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Building my own PC (How to build it and What should I get)


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Hey all,

As the title says it, I want to build my own PC but I don't know what to get.

Here's what I'm looking for,

I am trying to pay less than or equal to $500, and I want like an everyday use computer that I could use to play games, record games, edit videos, and code.

That's all I'm looking for.

The site I was trying to use to look for computer parts is TigerDirect.

Edited by Guest
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PCPartPicker is a nice website to make a build. Also, users can share their builds and receive feedback. Anyway, it kind of depends on how heavy the games and video editing are, but don't expect too much for $500. Also, does that budget include peripherals?

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  • MTA Team

The Geforce GT610 is a really low-end card. You might not be able to play resource intensive games on it (as in, any modern game released in the last 5 years or so), as it will give you terrible performance.

With that kind of budget, you might be better off looking for an aftermarket build or parts if you're aiming for performance.

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The case, keyboard and mouse (and even monitor) are more of a personal choice, you may change it if you want.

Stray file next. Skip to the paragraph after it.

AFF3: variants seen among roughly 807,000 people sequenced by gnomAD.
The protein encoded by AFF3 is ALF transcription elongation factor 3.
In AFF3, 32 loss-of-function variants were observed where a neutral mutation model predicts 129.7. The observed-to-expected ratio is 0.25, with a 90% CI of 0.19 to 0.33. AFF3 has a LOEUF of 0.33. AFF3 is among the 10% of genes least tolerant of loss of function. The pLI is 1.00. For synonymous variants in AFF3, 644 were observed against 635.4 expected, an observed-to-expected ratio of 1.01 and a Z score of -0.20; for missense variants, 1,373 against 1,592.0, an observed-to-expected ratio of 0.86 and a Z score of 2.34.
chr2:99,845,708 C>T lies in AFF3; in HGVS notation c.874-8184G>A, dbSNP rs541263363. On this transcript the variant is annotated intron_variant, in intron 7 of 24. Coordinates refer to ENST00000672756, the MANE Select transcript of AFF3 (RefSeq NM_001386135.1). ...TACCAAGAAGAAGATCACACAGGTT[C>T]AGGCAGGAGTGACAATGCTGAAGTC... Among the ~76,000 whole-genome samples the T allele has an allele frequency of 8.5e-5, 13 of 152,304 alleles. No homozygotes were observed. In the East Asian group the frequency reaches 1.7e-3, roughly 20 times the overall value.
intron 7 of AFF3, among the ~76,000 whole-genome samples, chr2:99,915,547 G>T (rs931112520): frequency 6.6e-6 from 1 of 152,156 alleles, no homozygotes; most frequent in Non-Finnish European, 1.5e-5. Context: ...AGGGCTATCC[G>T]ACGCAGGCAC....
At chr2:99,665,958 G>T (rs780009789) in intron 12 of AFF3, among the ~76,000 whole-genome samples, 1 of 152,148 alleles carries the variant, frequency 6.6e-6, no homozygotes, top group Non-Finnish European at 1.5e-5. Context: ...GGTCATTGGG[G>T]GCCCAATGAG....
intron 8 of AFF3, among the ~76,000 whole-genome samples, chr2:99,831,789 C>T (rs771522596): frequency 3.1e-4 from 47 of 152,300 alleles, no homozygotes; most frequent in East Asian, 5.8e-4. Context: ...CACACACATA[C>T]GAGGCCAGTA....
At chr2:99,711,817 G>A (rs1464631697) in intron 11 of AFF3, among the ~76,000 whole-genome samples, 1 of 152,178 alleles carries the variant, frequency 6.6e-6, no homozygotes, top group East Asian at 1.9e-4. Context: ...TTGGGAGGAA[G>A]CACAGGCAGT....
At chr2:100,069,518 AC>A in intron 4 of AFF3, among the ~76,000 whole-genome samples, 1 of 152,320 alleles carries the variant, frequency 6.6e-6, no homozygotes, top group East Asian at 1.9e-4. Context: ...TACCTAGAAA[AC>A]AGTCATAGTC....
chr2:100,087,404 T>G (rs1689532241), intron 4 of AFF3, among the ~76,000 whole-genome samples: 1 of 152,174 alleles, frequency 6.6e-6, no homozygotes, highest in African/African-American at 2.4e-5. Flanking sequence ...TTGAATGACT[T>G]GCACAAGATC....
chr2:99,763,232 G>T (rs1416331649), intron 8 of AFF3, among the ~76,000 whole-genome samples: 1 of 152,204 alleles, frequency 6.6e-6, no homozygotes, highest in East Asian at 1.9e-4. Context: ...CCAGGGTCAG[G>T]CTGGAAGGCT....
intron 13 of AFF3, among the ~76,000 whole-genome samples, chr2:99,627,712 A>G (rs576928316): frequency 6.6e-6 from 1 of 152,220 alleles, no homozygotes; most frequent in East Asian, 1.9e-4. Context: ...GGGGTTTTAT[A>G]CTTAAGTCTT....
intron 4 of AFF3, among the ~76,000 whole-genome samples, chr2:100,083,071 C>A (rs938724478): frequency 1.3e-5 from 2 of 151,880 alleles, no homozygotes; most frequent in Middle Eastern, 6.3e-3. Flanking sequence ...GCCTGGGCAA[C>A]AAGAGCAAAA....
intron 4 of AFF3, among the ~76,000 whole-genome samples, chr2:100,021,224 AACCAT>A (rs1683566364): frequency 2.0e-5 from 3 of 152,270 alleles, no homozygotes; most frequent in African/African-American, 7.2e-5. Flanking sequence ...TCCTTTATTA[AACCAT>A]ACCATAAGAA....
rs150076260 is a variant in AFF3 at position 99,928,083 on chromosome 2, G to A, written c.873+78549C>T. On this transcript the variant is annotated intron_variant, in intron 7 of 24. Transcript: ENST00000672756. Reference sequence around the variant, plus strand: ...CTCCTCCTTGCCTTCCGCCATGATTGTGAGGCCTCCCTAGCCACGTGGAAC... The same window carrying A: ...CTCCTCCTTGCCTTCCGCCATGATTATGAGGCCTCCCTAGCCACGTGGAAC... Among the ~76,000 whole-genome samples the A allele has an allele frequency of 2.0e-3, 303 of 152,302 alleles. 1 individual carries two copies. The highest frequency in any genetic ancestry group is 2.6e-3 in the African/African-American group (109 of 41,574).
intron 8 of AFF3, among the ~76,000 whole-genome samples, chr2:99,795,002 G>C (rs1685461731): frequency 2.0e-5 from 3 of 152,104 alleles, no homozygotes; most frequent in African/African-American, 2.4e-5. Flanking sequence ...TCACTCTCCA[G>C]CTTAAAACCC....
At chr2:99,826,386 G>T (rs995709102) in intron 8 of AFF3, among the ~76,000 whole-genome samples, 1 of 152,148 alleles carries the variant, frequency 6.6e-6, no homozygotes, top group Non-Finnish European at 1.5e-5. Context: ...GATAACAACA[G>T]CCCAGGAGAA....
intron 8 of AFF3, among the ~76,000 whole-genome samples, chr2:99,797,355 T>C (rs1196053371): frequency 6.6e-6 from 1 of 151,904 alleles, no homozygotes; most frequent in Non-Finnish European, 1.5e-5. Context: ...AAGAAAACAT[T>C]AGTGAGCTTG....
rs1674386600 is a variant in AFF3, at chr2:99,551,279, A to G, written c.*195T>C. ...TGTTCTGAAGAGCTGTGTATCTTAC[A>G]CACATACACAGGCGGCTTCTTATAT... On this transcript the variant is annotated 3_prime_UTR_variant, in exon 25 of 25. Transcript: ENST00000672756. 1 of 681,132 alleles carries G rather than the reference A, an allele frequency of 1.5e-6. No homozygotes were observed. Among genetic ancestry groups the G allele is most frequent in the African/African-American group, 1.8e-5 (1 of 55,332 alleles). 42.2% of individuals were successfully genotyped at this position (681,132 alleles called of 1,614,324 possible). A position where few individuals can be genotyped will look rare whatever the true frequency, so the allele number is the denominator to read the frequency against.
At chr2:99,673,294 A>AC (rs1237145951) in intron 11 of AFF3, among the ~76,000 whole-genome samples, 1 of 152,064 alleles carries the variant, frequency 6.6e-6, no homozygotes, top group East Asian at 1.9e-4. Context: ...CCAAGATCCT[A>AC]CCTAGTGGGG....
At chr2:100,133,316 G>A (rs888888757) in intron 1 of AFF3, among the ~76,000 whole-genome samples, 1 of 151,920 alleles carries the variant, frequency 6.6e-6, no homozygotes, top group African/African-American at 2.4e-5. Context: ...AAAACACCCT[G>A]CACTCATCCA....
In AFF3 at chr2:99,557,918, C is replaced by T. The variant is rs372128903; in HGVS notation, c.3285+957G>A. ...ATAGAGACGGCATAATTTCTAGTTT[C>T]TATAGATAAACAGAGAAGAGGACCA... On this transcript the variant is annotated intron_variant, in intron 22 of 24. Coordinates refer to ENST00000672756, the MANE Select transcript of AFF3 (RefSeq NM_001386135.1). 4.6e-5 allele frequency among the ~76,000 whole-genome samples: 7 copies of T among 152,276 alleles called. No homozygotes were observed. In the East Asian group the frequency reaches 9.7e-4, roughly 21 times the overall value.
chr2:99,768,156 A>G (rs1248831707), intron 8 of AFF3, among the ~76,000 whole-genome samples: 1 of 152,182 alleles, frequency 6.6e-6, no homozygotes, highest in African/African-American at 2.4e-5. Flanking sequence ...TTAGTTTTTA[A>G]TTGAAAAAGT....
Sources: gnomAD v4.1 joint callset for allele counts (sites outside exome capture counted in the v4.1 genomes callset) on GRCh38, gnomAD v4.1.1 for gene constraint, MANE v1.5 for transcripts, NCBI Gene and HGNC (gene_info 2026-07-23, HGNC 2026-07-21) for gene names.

This includes peripherals, but it does not include operating system and storage. If you really need those things, you're gonna have to stretch that a lot. If you already have an hard disk and wanted a SSD, you may temporarily use the hard disk for the OS and later buy an SSD (or were you thinking in using an SSD to store all your files too? SSDs with 120GB are already as expensive as an 1TB hard disk - that's not a lot of space). Can't you get the operating system from a friend? Also, don't you have any components or peripherals laying around you might be able to reuse? Like an hard disk from another computer that isn't being used, a monitor, or even a keyboard would already make a difference.

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SSDs have nothing to do with RAM, so that certainly won't be a problem. Now, PCI Express has always been backwards and forward-compatible, so as long as PCI-E is not discontinued and compatibility is not broken, graphics card incompatibilities shouldn't be a problem.

Being forced to upgrade hardware to be able to use new technologies is something everyone has to do once in a while. You can be smart and choose technologies that you know will stay in the market (e.g. Intel announces that there will be a new CPU generation using the same socket) or you can be dumb, but with $600 and with everything you want, you don't have many choices. In fact, you can't even fit the requirements in your budget, which to me seem like just random choices.

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  • 4 weeks later...

You'll need to know if it's compatible. If it's an old PC, it might use DDR2, which is very expensive right now. You also should see how many sticks are in use and how many slots are available - modern desktop motherboards only support dual channel (2 RAM sticks working as a single one). If you put three sticks on a dual channel board, each stick will work independently and you'll lose performance, although you might not even notice it. It seems 4 sticks on a dual channel board will work though, each pair working as a single one.

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